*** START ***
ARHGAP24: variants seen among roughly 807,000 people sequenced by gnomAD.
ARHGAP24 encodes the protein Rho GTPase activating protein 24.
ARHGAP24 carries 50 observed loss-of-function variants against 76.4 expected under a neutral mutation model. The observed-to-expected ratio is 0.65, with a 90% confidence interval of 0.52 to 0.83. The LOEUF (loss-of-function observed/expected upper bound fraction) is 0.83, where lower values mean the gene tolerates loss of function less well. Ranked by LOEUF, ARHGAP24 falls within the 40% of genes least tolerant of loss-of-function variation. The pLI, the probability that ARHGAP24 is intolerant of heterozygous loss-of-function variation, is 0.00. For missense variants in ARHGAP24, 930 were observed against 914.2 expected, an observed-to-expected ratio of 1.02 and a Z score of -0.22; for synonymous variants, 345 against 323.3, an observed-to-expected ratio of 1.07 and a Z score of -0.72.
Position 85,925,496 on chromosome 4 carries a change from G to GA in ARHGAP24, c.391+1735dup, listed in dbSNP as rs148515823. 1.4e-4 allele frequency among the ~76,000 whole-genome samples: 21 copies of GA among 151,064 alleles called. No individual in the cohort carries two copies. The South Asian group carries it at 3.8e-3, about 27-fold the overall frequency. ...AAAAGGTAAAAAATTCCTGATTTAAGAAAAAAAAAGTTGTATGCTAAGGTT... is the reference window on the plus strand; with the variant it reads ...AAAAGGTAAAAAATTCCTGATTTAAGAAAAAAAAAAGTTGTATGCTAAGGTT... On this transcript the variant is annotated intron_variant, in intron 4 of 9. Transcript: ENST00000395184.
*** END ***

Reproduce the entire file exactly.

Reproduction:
ARHGAP24: variants seen among roughly 807,000 people sequenced by gnomAD.
ARHGAP24 encodes the protein Rho GTPase activating protein 24.
ARHGAP24 carries 50 observed loss-of-function variants against 76.4 expected under a neutral mutation model. The observed-to-expected ratio is 0.65, with a 90% confidence interval of 0.52 to 0.83. The LOEUF (loss-of-function observed/expected upper bound fraction) is 0.83, where lower values mean the gene tolerates loss of function less well. Ranked by LOEUF, ARHGAP24 falls within the 40% of genes least tolerant of loss-of-function variation. The pLI, the probability that ARHGAP24 is intolerant of heterozygous loss-of-function variation, is 0.00. For missense variants in ARHGAP24, 930 were observed against 914.2 expected, an observed-to-expected ratio of 1.02 and a Z score of -0.22; for synonymous variants, 345 against 323.3, an observed-to-expected ratio of 1.07 and a Z score of -0.72.
Position 85,925,496 on chromosome 4 carries a change from G to GA in ARHGAP24, c.391+1735dup, listed in dbSNP as rs148515823. 1.4e-4 allele frequency among the ~76,000 whole-genome samples: 21 copies of GA among 151,064 alleles called. No individual in the cohort carries two copies. The South Asian group carries it at 3.8e-3, about 27-fold the overall frequency. ...AAAAGGTAAAAAATTCCTGATTTAAGAAAAAAAAAGTTGTATGCTAAGGTT... is the reference window on the plus strand; with the variant it reads ...AAAAGGTAAAAAATTCCTGATTTAAGAAAAAAAAAAGTTGTATGCTAAGGTT... On this transcript the variant is annotated intron_variant, in intron 4 of 9. Transcript: ENST00000395184.